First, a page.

Computer Science and Engineering, Department of


First Advisor

Nirnimesh Ghose

Second Advisor

Byrav Ramamurthy

Third Advisor

Lisong Xu

Date of this Version

Fall 7-2023

Document Type



A THESIS Presented to the Faculty of The Graduate College at the University of Nebraska In Partial Fulfilment of Requirements For the Degree of Master of Science, Major: Computer Science, Under the Supervision of Professor Nirnimesh Ghose. Lincoln, Nebraska: August, 2023

Copyright © 2023 Fahmida Afrin


Radio fingerprinting is a technique that validates wireless devices based on their unique radio frequency (RF) signals. This method is highly feasible because RF signals carry distinct hardware variations introduced during manufacturing. The security and trustworthiness of current and future wireless networks heavily rely on radio fingerprinting. In addition to identifying individual devices, it can also differentiate mission-critical targets. Despite significant efforts in the literature, existing radio fingerprinting methods require improved robustness, scalability, and resilience. This study focuses on the challenges of spatial-temporal variations in the wireless environment. Many prior approaches overlook the complex numerical structure of the in-phase and quadrature (I/Q) data by treating real and imaginary components separately. This approach results in the loss of essential information encoded in the signal's phase and amplitude, leading to lower accuracy. This thesis proposes several enhancements. First, we treat the entire complex structure of the I/Q data as a single input to a complex-valued convolutional neural network (CVNN), thereby improving the model's accuracy. Second, conduct extensive experiments to determine optimal pre-processing parameters, ensuring that over-optimistic conclusions about RF fingerprinting performance are avoided. Third, we compare various activation functions and transfer learning-based fine-tuning and a triplet network to address the variations the wireless environment introduces in scenarios involving different locations and times. We use the concept of a ``device rank'' metric to perform device identification with certainty based on RF fingerprinting. Our work concretely proves that CVNN outperforms CNN for radio fingerprinting. Concatenated Rectified Linear Units (CReLU) activation function and fine-tuning-based transfer learning perform the best for cross-location and time device fingerprinting.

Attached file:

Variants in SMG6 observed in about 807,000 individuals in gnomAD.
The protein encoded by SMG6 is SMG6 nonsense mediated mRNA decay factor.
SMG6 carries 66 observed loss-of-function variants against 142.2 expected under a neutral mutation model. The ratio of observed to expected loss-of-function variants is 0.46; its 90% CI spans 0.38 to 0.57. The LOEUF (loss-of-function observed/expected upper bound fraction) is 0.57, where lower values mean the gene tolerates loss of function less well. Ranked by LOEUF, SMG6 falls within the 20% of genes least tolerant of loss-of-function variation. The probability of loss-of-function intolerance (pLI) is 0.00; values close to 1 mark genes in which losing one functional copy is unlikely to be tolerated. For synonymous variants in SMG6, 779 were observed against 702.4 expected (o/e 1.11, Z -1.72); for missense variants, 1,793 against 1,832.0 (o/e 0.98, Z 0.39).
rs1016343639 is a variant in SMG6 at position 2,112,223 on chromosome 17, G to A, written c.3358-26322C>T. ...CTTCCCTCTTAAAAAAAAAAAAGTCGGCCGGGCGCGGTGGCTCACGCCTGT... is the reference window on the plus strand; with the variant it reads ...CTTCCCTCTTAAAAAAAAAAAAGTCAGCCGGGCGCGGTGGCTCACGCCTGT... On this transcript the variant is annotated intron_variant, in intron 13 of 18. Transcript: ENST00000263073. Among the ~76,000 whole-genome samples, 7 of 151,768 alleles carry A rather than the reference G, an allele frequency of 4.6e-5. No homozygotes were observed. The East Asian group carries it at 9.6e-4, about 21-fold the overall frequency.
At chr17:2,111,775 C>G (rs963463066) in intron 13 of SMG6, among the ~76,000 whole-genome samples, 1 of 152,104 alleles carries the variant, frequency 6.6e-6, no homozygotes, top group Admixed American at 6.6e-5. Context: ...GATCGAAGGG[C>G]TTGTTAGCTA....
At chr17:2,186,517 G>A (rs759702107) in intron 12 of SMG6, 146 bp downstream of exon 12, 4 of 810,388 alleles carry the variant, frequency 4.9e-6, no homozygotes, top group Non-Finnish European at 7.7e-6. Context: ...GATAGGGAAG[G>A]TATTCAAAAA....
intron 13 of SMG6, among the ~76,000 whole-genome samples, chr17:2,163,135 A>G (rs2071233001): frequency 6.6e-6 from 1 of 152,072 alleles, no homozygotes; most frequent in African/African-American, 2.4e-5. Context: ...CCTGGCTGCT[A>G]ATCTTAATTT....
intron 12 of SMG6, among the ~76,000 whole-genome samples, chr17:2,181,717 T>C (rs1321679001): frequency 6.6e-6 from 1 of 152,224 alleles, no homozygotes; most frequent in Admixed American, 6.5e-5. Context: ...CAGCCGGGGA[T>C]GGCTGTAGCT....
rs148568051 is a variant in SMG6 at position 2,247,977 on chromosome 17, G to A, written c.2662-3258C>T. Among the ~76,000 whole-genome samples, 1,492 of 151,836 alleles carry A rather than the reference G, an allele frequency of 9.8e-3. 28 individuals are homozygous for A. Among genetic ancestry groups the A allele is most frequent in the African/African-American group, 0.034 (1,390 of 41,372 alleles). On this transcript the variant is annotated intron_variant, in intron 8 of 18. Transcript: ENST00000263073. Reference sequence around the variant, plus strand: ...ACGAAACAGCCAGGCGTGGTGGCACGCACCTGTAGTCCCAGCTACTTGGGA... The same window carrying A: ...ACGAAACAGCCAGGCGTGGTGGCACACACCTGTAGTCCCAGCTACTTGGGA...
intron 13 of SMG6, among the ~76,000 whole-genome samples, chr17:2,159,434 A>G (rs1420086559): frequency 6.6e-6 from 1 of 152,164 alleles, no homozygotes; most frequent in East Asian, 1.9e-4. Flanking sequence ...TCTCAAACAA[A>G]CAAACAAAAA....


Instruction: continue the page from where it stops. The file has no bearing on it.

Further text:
Adviser: Nirnimesh Ghose